How inflation-adjusted incomes have fared since the pandemic is a complicated question because it's difficult for just one metric to capture the experiences of roughly 160 million Americans. Adjusted for inflation, median weekly earnings — those in the middle of the income distribution — have risen at just a 0.2% annual rate from the final three months of 2019 through the second quarter of this year, according to calculations by Wendy Edelberg, a senior fellow at the Brookings Institution. That meager gain has left many Americans feeling that they have made little financial progress.

The Impact on Everyday Americans

For Katherine Charles, a 40-year-old single mother in Tampa, Florida, inflation's slowdown hasn't made it easier to make ends meet. Her rent jumped 15% in May. Over the summer, to keep her electricity bill down, Charles kept the air conditioning off during the day despite Tampa's blistering hot weather. She has felt the need to cut back on groceries, even though, she said, her 16-year-old son and 10-year-old daughter "are at the age they are eating everything in front of them."

Charles, a call center representative with a company that handles customer service for Medicare and Affordable Care Act health plans, received a raise to $18.21 an hour two years ago. But it wasn't much of an increase. This month, Charles took part in a one-day strike against her employer, Maximus, seeking higher wages and more affordable health insurance.

Rising prices have been a key driver of a wave of strikes and other forms of labor activism this year, with unions representing autoworkers, Teamsters, and airline pilots winning sizable pay increases.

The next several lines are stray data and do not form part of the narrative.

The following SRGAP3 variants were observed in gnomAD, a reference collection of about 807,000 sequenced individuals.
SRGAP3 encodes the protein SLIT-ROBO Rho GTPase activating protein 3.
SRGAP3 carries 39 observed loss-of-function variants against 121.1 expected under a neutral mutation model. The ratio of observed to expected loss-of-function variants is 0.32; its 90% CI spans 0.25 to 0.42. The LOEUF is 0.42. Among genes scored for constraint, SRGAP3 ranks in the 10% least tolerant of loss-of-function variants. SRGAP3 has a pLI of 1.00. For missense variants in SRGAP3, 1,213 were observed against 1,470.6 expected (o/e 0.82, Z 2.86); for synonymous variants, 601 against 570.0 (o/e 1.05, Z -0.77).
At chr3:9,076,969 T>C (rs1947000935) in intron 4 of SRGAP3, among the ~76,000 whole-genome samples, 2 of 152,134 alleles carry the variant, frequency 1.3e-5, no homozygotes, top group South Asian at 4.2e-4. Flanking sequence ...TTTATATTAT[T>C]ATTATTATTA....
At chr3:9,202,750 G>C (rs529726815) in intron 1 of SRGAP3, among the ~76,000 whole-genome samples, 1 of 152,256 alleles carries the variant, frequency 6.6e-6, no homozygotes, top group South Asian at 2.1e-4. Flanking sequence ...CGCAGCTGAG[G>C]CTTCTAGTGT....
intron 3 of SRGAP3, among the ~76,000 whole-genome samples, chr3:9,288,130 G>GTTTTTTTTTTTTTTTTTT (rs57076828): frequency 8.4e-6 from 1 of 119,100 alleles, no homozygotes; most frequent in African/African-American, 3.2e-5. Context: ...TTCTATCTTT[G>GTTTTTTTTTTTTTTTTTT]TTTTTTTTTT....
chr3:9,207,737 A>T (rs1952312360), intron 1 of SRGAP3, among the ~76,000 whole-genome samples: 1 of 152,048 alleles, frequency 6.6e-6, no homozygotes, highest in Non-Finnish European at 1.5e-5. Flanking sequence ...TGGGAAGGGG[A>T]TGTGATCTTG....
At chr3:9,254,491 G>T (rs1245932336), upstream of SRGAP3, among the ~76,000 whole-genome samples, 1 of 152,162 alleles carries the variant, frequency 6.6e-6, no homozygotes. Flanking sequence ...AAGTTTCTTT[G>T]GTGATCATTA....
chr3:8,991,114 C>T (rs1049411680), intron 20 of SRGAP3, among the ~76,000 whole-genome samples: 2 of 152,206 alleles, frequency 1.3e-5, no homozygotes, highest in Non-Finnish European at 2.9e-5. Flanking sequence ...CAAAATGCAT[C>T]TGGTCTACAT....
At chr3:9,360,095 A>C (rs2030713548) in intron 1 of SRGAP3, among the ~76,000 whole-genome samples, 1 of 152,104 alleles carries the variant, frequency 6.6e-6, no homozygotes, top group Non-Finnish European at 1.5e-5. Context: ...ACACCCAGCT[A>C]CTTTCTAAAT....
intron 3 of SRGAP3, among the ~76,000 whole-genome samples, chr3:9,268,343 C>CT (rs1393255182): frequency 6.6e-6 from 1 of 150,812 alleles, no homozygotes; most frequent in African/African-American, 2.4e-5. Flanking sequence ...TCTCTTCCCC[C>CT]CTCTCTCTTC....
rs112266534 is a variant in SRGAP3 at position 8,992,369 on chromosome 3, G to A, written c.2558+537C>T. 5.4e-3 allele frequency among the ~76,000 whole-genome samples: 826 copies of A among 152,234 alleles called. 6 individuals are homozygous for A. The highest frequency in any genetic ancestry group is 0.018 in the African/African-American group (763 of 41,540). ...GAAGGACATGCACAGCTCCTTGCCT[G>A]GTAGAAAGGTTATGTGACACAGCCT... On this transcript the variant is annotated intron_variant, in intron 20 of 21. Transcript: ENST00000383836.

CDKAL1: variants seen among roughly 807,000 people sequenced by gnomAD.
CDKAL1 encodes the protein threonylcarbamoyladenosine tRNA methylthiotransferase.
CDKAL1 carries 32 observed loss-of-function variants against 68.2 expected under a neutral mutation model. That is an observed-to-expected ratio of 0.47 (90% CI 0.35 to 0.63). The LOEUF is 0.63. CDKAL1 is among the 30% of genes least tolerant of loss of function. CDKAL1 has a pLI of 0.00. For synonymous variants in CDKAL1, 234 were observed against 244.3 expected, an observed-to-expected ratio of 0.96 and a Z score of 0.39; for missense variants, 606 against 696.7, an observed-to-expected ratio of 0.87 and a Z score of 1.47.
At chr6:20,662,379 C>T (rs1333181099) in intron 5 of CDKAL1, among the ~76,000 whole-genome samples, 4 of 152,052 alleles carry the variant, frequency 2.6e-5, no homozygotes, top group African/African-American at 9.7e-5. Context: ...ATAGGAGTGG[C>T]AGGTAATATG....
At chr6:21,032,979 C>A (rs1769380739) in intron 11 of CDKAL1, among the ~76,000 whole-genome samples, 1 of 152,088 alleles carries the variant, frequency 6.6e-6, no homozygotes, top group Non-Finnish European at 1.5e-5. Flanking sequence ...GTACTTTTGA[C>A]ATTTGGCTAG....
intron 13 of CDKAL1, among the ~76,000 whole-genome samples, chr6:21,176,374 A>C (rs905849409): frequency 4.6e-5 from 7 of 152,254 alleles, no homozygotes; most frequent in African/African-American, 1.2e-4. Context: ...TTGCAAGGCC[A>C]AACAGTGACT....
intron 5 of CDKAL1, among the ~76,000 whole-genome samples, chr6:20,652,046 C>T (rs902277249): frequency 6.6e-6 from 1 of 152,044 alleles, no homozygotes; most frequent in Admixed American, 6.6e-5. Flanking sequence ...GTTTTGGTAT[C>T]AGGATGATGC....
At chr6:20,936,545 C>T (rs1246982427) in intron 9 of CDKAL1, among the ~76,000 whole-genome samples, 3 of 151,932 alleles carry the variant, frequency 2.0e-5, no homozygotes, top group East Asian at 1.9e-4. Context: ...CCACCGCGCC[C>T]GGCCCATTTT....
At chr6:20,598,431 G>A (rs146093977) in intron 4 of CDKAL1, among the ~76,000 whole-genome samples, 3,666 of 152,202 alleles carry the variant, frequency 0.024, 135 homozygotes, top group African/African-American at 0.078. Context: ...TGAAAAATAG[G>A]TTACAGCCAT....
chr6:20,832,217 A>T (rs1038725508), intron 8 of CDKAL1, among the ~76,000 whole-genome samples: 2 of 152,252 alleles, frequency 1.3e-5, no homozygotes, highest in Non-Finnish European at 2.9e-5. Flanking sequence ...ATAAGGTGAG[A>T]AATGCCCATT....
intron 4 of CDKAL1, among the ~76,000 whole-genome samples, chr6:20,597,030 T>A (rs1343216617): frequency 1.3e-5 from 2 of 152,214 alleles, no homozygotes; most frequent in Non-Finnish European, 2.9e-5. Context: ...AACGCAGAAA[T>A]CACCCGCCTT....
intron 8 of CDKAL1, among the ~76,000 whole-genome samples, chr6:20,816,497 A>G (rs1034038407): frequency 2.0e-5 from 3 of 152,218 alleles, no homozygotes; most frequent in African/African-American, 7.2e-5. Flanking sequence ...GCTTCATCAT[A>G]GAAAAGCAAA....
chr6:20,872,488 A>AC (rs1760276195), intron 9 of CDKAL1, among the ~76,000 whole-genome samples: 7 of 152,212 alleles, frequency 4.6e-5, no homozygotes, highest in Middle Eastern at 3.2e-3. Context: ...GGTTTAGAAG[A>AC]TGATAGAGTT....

Other Factors Contributing to Public Discontent

While inflation is a significant factor, other elements also contribute to why many people are still unhappy with the economy. Political partisanship is one of them. With Biden occupying the White House, Republicans are far more likely than Democrats to characterize the economy as poor, according to the University of Michigan's monthly survey of consumer sentiment.

The country's increased polarization has also intensified the partisan divide. Additionally, the experiences of everyday Americans, particularly those at lower income levels, play a role in their discontent. Lower-income Americans have generally received the largest percentage wage gains since the pandemic. However, they typically face a higher inflation rate because they spend a greater proportion of their income on volatile expenses such as food, gas, and rent.


Despite falling inflation and low unemployment, many Americans still feel gloomy about the economy. Lingering effects of inflation, high prices for essential goods and services, and the disconnect between wages and rising costs contribute to public discontent. While positive economic indicators exist, addressing the concerns of everyday Americans and bridging the gap between perception and reality will be crucial for policymakers and leaders moving forward.

Keywords: Americans, economy, inflation, unemployment, public perception, wages, prices, discontent